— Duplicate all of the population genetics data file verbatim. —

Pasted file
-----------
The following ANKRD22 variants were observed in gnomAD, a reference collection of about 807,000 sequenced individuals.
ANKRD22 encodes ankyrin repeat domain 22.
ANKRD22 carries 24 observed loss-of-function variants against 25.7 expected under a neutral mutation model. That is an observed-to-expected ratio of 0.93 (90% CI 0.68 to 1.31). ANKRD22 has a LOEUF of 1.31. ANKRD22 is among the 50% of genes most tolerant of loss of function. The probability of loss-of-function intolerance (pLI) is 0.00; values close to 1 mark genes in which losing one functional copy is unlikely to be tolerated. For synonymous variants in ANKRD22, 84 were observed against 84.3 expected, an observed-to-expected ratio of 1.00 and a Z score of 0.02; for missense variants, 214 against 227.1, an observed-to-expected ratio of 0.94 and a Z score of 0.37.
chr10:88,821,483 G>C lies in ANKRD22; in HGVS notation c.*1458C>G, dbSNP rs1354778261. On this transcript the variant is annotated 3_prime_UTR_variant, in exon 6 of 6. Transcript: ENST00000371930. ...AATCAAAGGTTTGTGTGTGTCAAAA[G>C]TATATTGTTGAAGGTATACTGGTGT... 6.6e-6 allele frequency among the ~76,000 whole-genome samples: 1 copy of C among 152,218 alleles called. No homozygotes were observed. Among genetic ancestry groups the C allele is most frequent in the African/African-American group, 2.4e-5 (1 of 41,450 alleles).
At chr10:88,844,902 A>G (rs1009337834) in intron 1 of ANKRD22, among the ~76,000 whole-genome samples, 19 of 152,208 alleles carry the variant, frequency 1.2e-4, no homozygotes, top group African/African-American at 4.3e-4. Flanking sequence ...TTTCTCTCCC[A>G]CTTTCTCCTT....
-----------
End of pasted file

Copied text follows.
The following ANKRD22 variants were observed in gnomAD, a reference collection of about 807,000 sequenced individuals.
ANKRD22 encodes ankyrin repeat domain 22.
ANKRD22 carries 24 observed loss-of-function variants against 25.7 expected under a neutral mutation model. That is an observed-to-expected ratio of 0.93 (90% CI 0.68 to 1.31). ANKRD22 has a LOEUF of 1.31. ANKRD22 is among the 50% of genes most tolerant of loss of function. The probability of loss-of-function intolerance (pLI) is 0.00; values close to 1 mark genes in which losing one functional copy is unlikely to be tolerated. For synonymous variants in ANKRD22, 84 were observed against 84.3 expected, an observed-to-expected ratio of 1.00 and a Z score of 0.02; for missense variants, 214 against 227.1, an observed-to-expected ratio of 0.94 and a Z score of 0.37.
chr10:88,821,483 G>C lies in ANKRD22; in HGVS notation c.*1458C>G, dbSNP rs1354778261. On this transcript the variant is annotated 3_prime_UTR_variant, in exon 6 of 6. Transcript: ENST00000371930. ...AATCAAAGGTTTGTGTGTGTCAAAA[G>C]TATATTGTTGAAGGTATACTGGTGT... 6.6e-6 allele frequency among the ~76,000 whole-genome samples: 1 copy of C among 152,218 alleles called. No homozygotes were observed. Among genetic ancestry groups the C allele is most frequent in the African/African-American group, 2.4e-5 (1 of 41,450 alleles).
At chr10:88,844,902 A>G (rs1009337834) in intron 1 of ANKRD22, among the ~76,000 whole-genome samples, 19 of 152,208 alleles carry the variant, frequency 1.2e-4, no homozygotes, top group African/African-American at 4.3e-4. Flanking sequence ...TTTCTCTCCC[A>G]CTTTCTCCTT....